Humberto's Blog: The Taste of Perfection

February 28th, 2012

The world behind the mystery of the Great White Sharks is so big that we could write a book about it. There is a huge load of desire, aspiration, passion and elitism. Why critics give 100 points to a wine instead of 99 is an ocean of doubt and subjectivity. 

I understand that a perfect wine has to come from a small production, a great “cru,” a renowned winemaker, a great vintage, has to have an amazing, powerful and complex nose, and a huge intensity, structure, balance and mid palate…and it must have the emotional factor, “the soul.” The price for these wines is normally high, and gets much higher after they are scored 100.

I am a very lucky man in many ways, and one of them is that I have great friends who love to share their wines...and they like good wines. I have tasted many 100-pointers in my life, and I can remember how each of them tasted and how I felt. They have been amazing and memorable, but I have always ended with a minimum feeling of emptiness.

Last Monday I was in my office, thinking it was going to be just another Monday. Then my cell rings and Adrian, my pal and partner, asks me if I can have dinner on Wednesday, because we are going to taste a monumental wine shared by another friend, Ricardo. I was flying to Valle de Guadalupe that Wednesday, so I sadly said I was going to miss it. These heroic guys arranged to move dinner to that same glorious Monday.

The wine in question was a DRC Romanee Conti 1997. It was the first time in my life that I tasted perfection. I was very careful to set aside all the emotions, feelings and snobbism that can wrap the event. Believe me, neither Adrian nor Ricardo has a gram of snobbism.

It was just three friends dining and enjoying life around a bottle of wine…well actually three. We also had J Drouhin Chablis Grand Cru “Vaudesir” 2003 and Chateau Cos D’Estournel 2001, which were very honorable openers.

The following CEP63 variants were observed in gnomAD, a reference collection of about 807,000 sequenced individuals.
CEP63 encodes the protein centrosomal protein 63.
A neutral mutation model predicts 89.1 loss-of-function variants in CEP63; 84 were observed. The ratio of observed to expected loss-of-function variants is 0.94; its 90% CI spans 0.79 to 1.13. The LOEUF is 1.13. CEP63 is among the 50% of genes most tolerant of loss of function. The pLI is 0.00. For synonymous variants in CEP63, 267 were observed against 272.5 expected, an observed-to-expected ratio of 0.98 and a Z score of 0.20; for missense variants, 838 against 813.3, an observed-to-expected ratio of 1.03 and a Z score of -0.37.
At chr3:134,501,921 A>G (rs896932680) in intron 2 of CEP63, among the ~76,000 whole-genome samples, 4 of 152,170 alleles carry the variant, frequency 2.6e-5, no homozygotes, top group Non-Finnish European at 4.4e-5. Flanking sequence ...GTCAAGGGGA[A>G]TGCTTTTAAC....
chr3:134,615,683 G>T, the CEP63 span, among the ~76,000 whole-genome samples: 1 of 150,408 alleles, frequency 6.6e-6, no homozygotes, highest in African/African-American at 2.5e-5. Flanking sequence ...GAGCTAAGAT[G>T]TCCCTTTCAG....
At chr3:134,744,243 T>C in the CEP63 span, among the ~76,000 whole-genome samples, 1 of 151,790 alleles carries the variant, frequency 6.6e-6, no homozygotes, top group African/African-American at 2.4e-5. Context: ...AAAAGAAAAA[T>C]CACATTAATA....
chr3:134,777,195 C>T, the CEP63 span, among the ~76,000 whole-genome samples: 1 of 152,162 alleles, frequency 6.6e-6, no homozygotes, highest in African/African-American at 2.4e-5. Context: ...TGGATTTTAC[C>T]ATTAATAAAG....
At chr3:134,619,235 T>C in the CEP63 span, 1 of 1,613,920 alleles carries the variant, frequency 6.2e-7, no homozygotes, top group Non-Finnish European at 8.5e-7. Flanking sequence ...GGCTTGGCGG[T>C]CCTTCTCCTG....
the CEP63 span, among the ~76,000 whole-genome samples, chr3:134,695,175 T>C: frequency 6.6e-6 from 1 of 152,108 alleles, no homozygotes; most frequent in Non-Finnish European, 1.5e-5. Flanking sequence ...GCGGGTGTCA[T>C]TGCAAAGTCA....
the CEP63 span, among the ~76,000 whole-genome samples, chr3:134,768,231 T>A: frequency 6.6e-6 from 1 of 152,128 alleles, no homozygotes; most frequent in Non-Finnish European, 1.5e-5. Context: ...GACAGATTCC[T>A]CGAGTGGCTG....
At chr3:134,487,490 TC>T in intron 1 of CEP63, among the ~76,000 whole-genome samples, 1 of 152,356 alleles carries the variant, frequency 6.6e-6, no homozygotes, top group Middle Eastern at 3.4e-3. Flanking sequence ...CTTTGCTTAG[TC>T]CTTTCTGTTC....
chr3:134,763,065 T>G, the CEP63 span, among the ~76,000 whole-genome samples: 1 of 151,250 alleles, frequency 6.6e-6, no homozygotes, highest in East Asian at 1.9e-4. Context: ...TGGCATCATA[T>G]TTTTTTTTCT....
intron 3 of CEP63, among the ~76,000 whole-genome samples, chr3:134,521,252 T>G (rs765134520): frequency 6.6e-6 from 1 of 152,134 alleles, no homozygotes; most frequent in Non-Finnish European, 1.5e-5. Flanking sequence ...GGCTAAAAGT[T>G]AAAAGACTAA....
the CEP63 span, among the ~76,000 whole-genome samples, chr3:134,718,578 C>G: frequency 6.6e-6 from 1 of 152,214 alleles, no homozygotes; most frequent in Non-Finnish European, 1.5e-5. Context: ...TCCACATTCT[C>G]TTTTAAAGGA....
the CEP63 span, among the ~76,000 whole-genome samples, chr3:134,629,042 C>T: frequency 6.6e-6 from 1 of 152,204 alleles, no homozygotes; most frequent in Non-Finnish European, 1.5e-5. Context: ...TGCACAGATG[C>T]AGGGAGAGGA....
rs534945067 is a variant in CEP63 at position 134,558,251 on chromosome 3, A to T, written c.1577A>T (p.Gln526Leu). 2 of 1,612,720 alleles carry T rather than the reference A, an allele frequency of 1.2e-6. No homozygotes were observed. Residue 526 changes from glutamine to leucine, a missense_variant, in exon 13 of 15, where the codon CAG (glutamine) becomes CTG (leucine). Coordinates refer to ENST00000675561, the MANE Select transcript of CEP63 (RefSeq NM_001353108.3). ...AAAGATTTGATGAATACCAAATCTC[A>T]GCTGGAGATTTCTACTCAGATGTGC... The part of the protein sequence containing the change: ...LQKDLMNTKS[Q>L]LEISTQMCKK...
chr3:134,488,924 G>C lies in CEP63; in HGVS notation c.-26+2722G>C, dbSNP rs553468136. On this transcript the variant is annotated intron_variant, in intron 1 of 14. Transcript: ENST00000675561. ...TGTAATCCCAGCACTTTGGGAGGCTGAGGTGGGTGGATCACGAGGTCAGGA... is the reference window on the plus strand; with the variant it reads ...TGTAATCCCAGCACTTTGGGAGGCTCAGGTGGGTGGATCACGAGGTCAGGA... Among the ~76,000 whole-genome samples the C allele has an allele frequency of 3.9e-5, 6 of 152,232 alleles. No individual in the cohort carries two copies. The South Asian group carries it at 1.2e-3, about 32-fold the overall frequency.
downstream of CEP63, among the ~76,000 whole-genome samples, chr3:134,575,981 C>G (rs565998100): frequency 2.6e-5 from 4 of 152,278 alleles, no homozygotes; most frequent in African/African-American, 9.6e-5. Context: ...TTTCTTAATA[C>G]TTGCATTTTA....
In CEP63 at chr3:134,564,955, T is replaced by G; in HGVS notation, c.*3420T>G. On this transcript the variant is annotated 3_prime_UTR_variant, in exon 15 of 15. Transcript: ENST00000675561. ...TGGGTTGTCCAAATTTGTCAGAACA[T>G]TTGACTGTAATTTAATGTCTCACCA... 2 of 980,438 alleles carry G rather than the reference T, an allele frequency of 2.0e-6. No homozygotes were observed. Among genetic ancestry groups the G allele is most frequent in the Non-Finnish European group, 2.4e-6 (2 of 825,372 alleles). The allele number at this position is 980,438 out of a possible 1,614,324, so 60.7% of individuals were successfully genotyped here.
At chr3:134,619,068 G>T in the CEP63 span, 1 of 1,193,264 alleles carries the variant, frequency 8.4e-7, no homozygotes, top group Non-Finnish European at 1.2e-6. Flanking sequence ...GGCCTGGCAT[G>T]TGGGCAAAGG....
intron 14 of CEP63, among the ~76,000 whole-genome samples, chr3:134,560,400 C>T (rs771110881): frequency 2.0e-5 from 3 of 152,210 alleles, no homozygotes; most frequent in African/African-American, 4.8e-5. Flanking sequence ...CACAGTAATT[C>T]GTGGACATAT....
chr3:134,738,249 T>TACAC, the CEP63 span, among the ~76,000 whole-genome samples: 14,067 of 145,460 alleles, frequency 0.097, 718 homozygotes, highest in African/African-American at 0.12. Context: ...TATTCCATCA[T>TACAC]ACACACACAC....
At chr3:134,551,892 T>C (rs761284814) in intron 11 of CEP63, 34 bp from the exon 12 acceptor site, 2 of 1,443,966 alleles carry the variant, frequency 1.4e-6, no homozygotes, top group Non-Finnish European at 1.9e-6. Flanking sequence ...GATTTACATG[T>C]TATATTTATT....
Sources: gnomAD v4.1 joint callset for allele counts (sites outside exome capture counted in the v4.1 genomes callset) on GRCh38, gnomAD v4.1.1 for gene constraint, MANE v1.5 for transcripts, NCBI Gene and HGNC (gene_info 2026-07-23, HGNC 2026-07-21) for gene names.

The wine was decanted and we tasted it during two hours. I know this wine is on the top, and that demand in the world has put its price up above in the stratosphere. So I tasted it in the most possible objective way, putting aside the price factor.

Powerful nose, extremely clean, with aromas of violets, leather, graphite, currant and cedar on the initial phase. The palate was the purest definition of elegance, structure and infinite finish, seamless. Fresh raspberries and strawberries covered by coffee and cedar came with the aftertaste. After 30 minutes, the nose evolved to a room full of red flowers with the green stem, almond oil and a fresh peppermint background. The palate just got silky and sexy, long and serious. 

At the same time that I tasted and enjoyed, I couldn’t stop thinking about how small and special this vineyard is, and the degree of expertise and experience the winemaker has, in order to respect the fruit and terroir so masterfully, not to mention the invisible but very present work of barrel ageing.

I don’t know what the score would be if I had to rate this wine. I only know that Romanee Conti 1997 is a wine that is perfect, and that I will remember it until the day I die. 


Humberto Falcon lives in Monterrey, Mexico. He sells wine through his company The Little Wine Market and makes wine in Valle de Guadalupe, Baja California, including One Wine One World and El Sueno.

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